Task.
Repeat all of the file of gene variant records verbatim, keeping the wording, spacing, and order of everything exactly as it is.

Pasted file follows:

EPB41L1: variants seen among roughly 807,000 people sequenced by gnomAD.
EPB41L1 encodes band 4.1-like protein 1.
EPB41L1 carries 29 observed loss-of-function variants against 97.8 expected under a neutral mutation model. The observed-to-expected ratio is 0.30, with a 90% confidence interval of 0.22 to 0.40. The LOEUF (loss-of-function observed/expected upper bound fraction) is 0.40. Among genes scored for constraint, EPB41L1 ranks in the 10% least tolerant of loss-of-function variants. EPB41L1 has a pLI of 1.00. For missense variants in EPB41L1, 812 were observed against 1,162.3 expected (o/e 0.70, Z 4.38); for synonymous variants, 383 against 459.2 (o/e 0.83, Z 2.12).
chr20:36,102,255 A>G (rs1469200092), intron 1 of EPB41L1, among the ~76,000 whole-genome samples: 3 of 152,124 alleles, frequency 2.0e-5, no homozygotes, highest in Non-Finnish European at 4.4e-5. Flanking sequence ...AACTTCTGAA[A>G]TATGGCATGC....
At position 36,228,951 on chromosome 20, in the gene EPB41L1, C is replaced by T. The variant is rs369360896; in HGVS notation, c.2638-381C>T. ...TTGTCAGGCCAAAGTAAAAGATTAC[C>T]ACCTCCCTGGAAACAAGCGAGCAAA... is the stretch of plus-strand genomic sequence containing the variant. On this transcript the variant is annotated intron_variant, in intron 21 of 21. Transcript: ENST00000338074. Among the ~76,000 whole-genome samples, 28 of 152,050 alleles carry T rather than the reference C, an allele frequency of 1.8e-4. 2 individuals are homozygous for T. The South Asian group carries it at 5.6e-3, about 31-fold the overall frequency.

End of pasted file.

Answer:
EPB41L1: variants seen among roughly 807,000 people sequenced by gnomAD.
EPB41L1 encodes band 4.1-like protein 1.
EPB41L1 carries 29 observed loss-of-function variants against 97.8 expected under a neutral mutation model. The observed-to-expected ratio is 0.30, with a 90% confidence interval of 0.22 to 0.40. The LOEUF (loss-of-function observed/expected upper bound fraction) is 0.40. Among genes scored for constraint, EPB41L1 ranks in the 10% least tolerant of loss-of-function variants. EPB41L1 has a pLI of 1.00. For missense variants in EPB41L1, 812 were observed against 1,162.3 expected (o/e 0.70, Z 4.38); for synonymous variants, 383 against 459.2 (o/e 0.83, Z 2.12).
chr20:36,102,255 A>G (rs1469200092), intron 1 of EPB41L1, among the ~76,000 whole-genome samples: 3 of 152,124 alleles, frequency 2.0e-5, no homozygotes, highest in Non-Finnish European at 4.4e-5. Flanking sequence ...AACTTCTGAA[A>G]TATGGCATGC....
At position 36,228,951 on chromosome 20, in the gene EPB41L1, C is replaced by T. The variant is rs369360896; in HGVS notation, c.2638-381C>T. ...TTGTCAGGCCAAAGTAAAAGATTAC[C>T]ACCTCCCTGGAAACAAGCGAGCAAA... is the stretch of plus-strand genomic sequence containing the variant. On this transcript the variant is annotated intron_variant, in intron 21 of 21. Transcript: ENST00000338074. Among the ~76,000 whole-genome samples, 28 of 152,050 alleles carry T rather than the reference C, an allele frequency of 1.8e-4. 2 individuals are homozygous for T. The South Asian group carries it at 5.6e-3, about 31-fold the overall frequency.